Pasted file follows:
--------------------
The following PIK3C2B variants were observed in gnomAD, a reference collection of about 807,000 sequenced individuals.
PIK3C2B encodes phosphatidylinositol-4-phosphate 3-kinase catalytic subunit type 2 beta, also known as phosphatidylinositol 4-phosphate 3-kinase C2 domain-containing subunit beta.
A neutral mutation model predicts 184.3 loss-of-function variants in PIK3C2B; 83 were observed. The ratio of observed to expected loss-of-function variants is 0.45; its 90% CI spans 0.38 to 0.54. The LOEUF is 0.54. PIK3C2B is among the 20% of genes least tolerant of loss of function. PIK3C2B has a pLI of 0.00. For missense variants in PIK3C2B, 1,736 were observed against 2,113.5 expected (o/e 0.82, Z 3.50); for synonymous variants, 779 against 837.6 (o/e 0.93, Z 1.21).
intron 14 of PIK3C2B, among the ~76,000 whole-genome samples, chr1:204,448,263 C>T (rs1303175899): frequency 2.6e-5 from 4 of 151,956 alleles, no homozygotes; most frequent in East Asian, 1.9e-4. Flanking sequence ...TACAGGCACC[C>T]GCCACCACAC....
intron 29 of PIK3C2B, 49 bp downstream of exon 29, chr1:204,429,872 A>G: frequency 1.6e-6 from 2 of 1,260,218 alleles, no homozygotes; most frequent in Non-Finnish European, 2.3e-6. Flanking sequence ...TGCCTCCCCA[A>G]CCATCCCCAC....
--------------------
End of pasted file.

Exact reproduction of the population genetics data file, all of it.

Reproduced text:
The following PIK3C2B variants were observed in gnomAD, a reference collection of about 807,000 sequenced individuals.
PIK3C2B encodes phosphatidylinositol-4-phosphate 3-kinase catalytic subunit type 2 beta, also known as phosphatidylinositol 4-phosphate 3-kinase C2 domain-containing subunit beta.
A neutral mutation model predicts 184.3 loss-of-function variants in PIK3C2B; 83 were observed. The ratio of observed to expected loss-of-function variants is 0.45; its 90% CI spans 0.38 to 0.54. The LOEUF is 0.54. PIK3C2B is among the 20% of genes least tolerant of loss of function. PIK3C2B has a pLI of 0.00. For missense variants in PIK3C2B, 1,736 were observed against 2,113.5 expected (o/e 0.82, Z 3.50); for synonymous variants, 779 against 837.6 (o/e 0.93, Z 1.21).
intron 14 of PIK3C2B, among the ~76,000 whole-genome samples, chr1:204,448,263 C>T (rs1303175899): frequency 2.6e-5 from 4 of 151,956 alleles, no homozygotes; most frequent in East Asian, 1.9e-4. Flanking sequence ...TACAGGCACC[C>T]GCCACCACAC....
intron 29 of PIK3C2B, 49 bp downstream of exon 29, chr1:204,429,872 A>G: frequency 1.6e-6 from 2 of 1,260,218 alleles, no homozygotes; most frequent in Non-Finnish European, 2.3e-6. Flanking sequence ...TGCCTCCCCA[A>G]CCATCCCCAC....